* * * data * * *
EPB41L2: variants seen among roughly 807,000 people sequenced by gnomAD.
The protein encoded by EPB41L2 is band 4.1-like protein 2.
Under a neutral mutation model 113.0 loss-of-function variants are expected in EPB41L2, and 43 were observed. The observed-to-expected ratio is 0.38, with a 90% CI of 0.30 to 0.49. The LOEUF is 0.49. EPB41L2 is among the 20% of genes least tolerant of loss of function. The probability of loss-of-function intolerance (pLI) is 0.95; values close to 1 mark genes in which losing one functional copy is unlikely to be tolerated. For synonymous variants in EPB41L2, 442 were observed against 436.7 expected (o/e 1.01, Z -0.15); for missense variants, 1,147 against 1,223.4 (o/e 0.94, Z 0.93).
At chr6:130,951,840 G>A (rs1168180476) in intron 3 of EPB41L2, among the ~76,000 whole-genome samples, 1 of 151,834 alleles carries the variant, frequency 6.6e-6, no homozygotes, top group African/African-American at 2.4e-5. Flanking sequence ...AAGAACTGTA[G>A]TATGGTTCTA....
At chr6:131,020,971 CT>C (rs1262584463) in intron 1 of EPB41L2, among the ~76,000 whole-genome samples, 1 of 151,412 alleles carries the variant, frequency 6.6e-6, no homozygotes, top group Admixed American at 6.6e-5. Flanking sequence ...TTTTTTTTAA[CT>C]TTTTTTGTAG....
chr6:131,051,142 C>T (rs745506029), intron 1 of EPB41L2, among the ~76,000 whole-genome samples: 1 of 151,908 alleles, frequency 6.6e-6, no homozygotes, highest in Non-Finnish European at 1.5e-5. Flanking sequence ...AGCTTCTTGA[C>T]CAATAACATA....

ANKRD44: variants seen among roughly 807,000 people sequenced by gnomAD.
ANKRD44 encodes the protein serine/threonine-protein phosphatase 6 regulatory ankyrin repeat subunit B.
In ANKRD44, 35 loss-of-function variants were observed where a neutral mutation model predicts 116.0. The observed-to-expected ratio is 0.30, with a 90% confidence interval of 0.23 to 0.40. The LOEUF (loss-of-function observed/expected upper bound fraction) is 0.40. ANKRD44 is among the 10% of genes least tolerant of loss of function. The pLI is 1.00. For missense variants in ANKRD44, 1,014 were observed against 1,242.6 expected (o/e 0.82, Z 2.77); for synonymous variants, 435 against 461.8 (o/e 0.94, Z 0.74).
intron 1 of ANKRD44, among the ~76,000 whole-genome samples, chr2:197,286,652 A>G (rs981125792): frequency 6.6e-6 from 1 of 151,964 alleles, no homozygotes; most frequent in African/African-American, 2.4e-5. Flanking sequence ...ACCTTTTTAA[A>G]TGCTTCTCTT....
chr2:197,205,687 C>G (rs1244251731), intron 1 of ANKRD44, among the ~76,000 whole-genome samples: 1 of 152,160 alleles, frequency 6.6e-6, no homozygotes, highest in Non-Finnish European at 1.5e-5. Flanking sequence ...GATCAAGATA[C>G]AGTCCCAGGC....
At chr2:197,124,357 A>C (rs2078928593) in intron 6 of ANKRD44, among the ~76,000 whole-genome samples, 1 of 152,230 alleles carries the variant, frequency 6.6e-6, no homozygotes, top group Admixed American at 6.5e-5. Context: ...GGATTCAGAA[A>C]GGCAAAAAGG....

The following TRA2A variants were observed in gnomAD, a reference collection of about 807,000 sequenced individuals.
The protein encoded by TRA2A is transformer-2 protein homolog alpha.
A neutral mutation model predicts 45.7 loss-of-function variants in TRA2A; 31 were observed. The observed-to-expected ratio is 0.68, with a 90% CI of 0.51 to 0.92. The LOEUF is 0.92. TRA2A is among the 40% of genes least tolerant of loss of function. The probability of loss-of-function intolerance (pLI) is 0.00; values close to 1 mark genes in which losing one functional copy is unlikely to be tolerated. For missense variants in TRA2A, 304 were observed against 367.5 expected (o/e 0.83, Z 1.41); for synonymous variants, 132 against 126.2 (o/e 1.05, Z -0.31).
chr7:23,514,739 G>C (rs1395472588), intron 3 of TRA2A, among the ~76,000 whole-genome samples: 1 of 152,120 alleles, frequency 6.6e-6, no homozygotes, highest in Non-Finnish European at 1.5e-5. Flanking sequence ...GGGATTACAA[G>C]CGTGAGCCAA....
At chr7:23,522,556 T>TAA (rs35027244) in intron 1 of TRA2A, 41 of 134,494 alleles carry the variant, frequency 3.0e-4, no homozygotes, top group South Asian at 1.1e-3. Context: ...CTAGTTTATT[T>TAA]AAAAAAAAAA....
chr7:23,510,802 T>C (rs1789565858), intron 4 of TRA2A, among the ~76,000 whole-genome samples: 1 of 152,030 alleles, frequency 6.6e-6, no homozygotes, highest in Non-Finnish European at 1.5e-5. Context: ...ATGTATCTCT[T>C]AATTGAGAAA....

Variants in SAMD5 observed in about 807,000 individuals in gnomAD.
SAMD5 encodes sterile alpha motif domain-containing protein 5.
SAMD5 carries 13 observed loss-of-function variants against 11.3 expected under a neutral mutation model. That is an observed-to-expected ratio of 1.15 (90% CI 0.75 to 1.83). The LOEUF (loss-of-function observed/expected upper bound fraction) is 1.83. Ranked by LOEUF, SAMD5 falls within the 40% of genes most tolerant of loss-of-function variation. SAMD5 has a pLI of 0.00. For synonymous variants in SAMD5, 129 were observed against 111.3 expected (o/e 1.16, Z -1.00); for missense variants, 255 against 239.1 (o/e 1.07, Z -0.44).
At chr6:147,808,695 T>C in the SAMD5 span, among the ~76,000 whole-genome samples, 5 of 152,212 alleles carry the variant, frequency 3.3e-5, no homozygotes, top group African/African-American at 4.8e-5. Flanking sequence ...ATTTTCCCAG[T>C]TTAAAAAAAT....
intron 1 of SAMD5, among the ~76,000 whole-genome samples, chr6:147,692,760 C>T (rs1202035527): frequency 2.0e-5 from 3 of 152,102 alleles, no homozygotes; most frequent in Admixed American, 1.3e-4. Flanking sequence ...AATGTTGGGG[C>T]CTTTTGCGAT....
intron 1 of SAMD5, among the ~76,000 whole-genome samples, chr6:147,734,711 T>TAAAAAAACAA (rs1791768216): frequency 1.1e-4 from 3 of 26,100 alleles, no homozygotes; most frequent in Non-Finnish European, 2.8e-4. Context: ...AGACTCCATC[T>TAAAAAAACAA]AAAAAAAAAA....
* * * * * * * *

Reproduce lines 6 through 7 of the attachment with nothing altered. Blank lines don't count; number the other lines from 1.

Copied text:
chr6:131,051,142 C>T (rs745506029), intron 1 of EPB41L2, among the ~76,000 whole-genome samples: 1 of 151,908 alleles, frequency 6.6e-6, no homozygotes, highest in Non-Finnish European at 1.5e-5. Flanking sequence ...AGCTTCTTGA[C>T]CAATAACATA....

ANKRD44: variants seen among roughly 807,000 people sequenced by gnomAD.